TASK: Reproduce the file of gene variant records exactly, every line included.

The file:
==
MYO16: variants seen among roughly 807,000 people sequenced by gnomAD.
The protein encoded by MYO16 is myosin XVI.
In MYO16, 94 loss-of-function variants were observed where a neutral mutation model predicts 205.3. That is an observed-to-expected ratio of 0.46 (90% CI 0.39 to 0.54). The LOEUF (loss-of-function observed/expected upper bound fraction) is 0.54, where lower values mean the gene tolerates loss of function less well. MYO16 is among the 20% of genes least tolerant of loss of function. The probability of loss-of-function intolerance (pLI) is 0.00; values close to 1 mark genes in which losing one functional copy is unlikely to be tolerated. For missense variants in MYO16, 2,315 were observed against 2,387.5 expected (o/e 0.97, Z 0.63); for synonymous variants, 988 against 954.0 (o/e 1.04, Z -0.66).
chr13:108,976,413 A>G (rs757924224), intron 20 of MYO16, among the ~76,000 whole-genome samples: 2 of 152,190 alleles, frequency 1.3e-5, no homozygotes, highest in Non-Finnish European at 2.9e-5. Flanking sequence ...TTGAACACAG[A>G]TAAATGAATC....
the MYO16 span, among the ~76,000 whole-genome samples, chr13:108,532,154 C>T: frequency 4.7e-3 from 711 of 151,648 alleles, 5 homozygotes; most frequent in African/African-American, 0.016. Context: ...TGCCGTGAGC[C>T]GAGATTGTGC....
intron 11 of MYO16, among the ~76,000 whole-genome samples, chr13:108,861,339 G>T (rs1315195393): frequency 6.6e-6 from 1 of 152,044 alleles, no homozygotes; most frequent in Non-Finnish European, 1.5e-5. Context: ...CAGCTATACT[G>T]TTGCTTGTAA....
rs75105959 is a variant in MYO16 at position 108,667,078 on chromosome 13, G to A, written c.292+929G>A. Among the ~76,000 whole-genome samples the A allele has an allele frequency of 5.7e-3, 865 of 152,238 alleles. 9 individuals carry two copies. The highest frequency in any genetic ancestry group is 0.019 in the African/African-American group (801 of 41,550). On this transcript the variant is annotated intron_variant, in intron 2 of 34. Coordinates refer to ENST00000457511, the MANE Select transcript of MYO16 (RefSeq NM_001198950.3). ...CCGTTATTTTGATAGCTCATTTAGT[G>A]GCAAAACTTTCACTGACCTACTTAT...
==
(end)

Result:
MYO16: variants seen among roughly 807,000 people sequenced by gnomAD.
The protein encoded by MYO16 is myosin XVI.
In MYO16, 94 loss-of-function variants were observed where a neutral mutation model predicts 205.3. That is an observed-to-expected ratio of 0.46 (90% CI 0.39 to 0.54). The LOEUF (loss-of-function observed/expected upper bound fraction) is 0.54, where lower values mean the gene tolerates loss of function less well. MYO16 is among the 20% of genes least tolerant of loss of function. The probability of loss-of-function intolerance (pLI) is 0.00; values close to 1 mark genes in which losing one functional copy is unlikely to be tolerated. For missense variants in MYO16, 2,315 were observed against 2,387.5 expected (o/e 0.97, Z 0.63); for synonymous variants, 988 against 954.0 (o/e 1.04, Z -0.66).
chr13:108,976,413 A>G (rs757924224), intron 20 of MYO16, among the ~76,000 whole-genome samples: 2 of 152,190 alleles, frequency 1.3e-5, no homozygotes, highest in Non-Finnish European at 2.9e-5. Flanking sequence ...TTGAACACAG[A>G]TAAATGAATC....
the MYO16 span, among the ~76,000 whole-genome samples, chr13:108,532,154 C>T: frequency 4.7e-3 from 711 of 151,648 alleles, 5 homozygotes; most frequent in African/African-American, 0.016. Context: ...TGCCGTGAGC[C>T]GAGATTGTGC....
intron 11 of MYO16, among the ~76,000 whole-genome samples, chr13:108,861,339 G>T (rs1315195393): frequency 6.6e-6 from 1 of 152,044 alleles, no homozygotes; most frequent in Non-Finnish European, 1.5e-5. Context: ...CAGCTATACT[G>T]TTGCTTGTAA....
rs75105959 is a variant in MYO16 at position 108,667,078 on chromosome 13, G to A, written c.292+929G>A. Among the ~76,000 whole-genome samples the A allele has an allele frequency of 5.7e-3, 865 of 152,238 alleles. 9 individuals carry two copies. The highest frequency in any genetic ancestry group is 0.019 in the African/African-American group (801 of 41,550). On this transcript the variant is annotated intron_variant, in intron 2 of 34. Coordinates refer to ENST00000457511, the MANE Select transcript of MYO16 (RefSeq NM_001198950.3). ...CCGTTATTTTGATAGCTCATTTAGT[G>A]GCAAAACTTTCACTGACCTACTTAT...